On March 7, 2017, the former City Accounting Manager/Controller, sent a letter to the Attorney General’s Office and five aldermen who had served on the City’s Administration and Public Works Committee.

In the letter, it said that on March 11, 2016, a partner with the City’s independent auditing firm asked the writer to come to the City’s Collector’s Office.

“The independent audit firm discovered 35 days of undeposited checks and cash in the Collector’s Office (in unsecure locations) estimated at between $3 – 5 million. The cash and checks were deposits from Feb. 5, 2016 to March 11, 2016,” said the employee, who asked not to be named.

The letter continues, “A Senior Customer Service Representative (CSR) showed us several drawers (one after the other) of undeposited cash and checks (daily deposits) that had not been counted nor deposited to the bank. None of the checks had not been scanned for deposit. Envelopes full of cash were attached to each days deposit no cash or checks had been counted.”

The Public Deposit Funds Act requires that cash receipts be deposited within two working days of receipt.

The City’s independent auditor, Sikich LLP, refers to the issue in more general terms in a letter dated Aug. 5, 2016, which discusses “material weaknesses” in internal controls that the auditor identified during its audit. In the section dealing with “material weaknesses,” the auditor says:

“During the course of our internal control documentation, it was noted that the daily cash balancing and deposit was back logged from approximately February 5, 2016 to March 11, 2016. City staff had been storing the daily receipt packages in the filing cabinet in the revenue manager’s office until each package could be balance[d], posted and then deposited.

“We recommended that all deposits be made as soon as possible and the reconciliations take place as soon thereafter as possible. Staff made all deposits within the following three days. We recommend that all receipts be deposited by the day after receipt in order to minimize the possibility of theft, fraud or accidental destruction.”

 Sikich’s letter also provided the City’s written response concerning this issue:

“Daily deposits during and immediately after the wheel tax deadline have lagged behind in the past.  The City took action and implemented the recommendation above on March 11 and 14. The delay in deposits was caused by staff turnover and miscommunication as a result. This situation has been corrected. A new Revenue Manager has been hired and is also in the process of implementing the recommended changes.”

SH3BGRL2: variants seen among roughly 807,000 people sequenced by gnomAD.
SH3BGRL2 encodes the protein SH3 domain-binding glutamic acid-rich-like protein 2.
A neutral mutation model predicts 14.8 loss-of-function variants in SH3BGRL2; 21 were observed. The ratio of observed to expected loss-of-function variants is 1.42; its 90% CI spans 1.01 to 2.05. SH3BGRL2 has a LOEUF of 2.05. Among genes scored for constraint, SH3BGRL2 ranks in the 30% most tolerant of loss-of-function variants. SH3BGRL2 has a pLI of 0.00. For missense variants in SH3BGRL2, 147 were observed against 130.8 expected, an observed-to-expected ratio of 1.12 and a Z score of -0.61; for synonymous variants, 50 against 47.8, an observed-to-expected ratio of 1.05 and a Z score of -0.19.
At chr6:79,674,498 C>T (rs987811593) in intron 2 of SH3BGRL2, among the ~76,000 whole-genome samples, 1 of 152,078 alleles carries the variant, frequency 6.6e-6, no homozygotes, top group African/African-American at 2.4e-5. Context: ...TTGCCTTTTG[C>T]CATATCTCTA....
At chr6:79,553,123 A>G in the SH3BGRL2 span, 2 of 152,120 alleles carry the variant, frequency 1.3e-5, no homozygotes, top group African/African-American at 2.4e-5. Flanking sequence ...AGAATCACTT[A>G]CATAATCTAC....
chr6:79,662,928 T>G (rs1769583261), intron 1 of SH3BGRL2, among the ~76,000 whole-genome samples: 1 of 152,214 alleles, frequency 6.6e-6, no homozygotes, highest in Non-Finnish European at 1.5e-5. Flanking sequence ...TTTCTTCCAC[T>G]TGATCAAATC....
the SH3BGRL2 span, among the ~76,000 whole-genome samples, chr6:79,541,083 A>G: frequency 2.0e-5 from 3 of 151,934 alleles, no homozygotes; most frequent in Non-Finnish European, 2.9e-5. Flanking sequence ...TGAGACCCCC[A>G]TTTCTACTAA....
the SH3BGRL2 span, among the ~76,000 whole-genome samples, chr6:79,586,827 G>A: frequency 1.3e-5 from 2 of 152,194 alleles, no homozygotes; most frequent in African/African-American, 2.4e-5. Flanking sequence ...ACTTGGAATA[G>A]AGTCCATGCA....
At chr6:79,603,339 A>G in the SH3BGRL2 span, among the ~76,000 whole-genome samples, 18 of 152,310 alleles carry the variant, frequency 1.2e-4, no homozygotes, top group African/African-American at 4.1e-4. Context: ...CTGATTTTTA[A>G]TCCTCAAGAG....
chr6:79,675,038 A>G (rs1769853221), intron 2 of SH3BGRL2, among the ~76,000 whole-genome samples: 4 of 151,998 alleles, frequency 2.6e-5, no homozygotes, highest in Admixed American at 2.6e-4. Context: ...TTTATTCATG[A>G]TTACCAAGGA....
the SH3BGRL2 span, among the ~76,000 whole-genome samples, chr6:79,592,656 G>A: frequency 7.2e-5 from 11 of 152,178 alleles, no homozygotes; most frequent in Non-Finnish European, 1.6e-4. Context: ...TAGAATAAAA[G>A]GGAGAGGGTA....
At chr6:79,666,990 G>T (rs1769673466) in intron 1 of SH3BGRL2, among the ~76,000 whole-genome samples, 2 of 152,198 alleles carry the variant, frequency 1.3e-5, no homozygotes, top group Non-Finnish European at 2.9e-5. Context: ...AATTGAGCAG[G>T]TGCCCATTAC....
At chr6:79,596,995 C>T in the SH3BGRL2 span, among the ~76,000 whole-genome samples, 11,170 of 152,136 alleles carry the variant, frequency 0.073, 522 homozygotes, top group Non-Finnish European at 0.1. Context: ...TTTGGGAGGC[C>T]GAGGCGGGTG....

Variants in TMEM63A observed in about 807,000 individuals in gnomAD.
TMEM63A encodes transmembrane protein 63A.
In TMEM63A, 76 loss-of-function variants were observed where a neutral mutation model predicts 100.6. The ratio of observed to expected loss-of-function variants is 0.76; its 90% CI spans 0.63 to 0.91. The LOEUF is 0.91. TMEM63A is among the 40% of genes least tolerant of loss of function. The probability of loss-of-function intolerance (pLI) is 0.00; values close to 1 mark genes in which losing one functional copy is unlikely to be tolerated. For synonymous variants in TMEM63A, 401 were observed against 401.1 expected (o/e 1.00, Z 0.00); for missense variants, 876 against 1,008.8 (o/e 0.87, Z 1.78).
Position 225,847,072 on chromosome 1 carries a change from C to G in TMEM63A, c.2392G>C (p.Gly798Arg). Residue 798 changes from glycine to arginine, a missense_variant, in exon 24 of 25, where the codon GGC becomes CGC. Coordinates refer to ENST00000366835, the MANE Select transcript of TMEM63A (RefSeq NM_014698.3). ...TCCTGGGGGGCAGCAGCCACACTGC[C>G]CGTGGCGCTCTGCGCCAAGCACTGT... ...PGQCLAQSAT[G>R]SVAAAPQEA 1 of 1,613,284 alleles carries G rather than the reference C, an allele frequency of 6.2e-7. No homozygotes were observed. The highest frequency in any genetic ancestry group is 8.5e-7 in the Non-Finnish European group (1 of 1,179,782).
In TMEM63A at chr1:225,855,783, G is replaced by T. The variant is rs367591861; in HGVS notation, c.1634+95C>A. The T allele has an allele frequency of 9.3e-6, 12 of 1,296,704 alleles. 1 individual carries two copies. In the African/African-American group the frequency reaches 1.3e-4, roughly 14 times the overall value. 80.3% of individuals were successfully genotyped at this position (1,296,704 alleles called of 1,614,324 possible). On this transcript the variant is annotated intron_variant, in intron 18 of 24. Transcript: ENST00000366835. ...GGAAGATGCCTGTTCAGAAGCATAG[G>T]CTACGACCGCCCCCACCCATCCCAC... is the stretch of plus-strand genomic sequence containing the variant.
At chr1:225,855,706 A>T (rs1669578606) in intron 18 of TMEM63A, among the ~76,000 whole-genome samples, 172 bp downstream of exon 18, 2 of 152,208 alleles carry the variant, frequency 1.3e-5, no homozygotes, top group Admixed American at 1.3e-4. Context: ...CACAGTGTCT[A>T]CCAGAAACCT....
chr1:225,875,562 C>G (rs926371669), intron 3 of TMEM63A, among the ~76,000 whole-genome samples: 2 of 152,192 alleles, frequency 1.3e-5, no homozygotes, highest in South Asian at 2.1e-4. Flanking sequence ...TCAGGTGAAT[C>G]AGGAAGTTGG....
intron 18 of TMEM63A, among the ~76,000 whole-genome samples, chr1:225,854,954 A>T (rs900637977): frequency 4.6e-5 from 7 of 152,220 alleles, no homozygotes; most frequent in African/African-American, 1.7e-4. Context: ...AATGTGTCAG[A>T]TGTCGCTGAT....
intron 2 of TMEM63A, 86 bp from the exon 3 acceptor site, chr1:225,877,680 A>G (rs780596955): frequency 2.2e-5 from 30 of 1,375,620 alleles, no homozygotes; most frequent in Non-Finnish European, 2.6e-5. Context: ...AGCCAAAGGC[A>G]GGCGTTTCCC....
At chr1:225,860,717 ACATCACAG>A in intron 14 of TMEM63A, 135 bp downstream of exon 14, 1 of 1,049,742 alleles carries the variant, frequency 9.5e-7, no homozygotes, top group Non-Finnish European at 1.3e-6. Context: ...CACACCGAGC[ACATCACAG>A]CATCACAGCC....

The auditor’s Aug. 5 letter refers to five other “material weaknesses,” each of which contains the City’s response. In August 2016, the auditor issued a clean opinion with respect to the City’s 2015 financial statements.

On March 25, 2017, Assistant City Manager/Chief Financial Officer and City Treasurer Marty Lyons issued the following statement regarding the letter:

“The City confirms that there was a back log of deposits in January through Mid-March of 2016. A smaller backlog has occurred annually (less than one week) due to high volume, but these deposits would be kept in the Wall Safe of the Finance Division for security. This larger back log occurred due to the retirement of the Revenue Supervisor at the end of January, 2016. January is a busy time in the Revenue office as December and January receipts of Wheel Tax (vehicle stickers) are deposited. In a given monthly period the City will have $3 million in deposits collected at the Revenue Office, however, large checks received during this time frame were removed and deposited immediately making the actual deposit back log approximately $2 million. Of these funds, less than $50,000 was in cash. These funds were in the Revenue Manager’s office in a filing cabinet that locks, and behind a locked office door within Revenue main office which is also locked. During the day, only the Revenue Manager and Collections Coordinators are in this office. As noted in the photographs, some of the deposits were also properly in the Wall Safe.  

“Upon notification of the backlog, the Treasurer instructed staff to get the cash deposited at the bank within two business days, and the checks to be deposited by the end of the next week. This time frame was needed to confirm each of the deposits a second time. This confirmation is done for every deposit to match cash logs/cash register (this is the record made at the time of each transaction) with final deposits to ensure that no deposits are missing. Please note that all deposits were accurate and complete; no cash or checks were lost or stolen. Regular deposit practices resumed by mid-March, 2016. This delay in deposits had no material impact on the City’s financial position for the fiscal year beginning January 1, 2016 or prior fiscal year that ended December 31, 2015.

“Since this time, the new Revenue Manager has updated all cash management functions/duties and no backlogs have occurred.”

Mr. Lyons added, that the City’s auditor “has not officially reviewed our [the City’s] activities to improve operations after March 2016. This review would be a part of the 2016 Audit field work which starts in the next month.”

The letter refers to several other accounting issues. Mr. Lyons’ prepared statement says the issues in the letter have been reviewed by staff and the City’s auditor.

Larry Gavin

Larry Gavin was a co-founder of the Evanston RoundTable in 1998 and assisted in its conversion to a non-profit in 2021. He has received many journalism awards for his articles on education, housing and...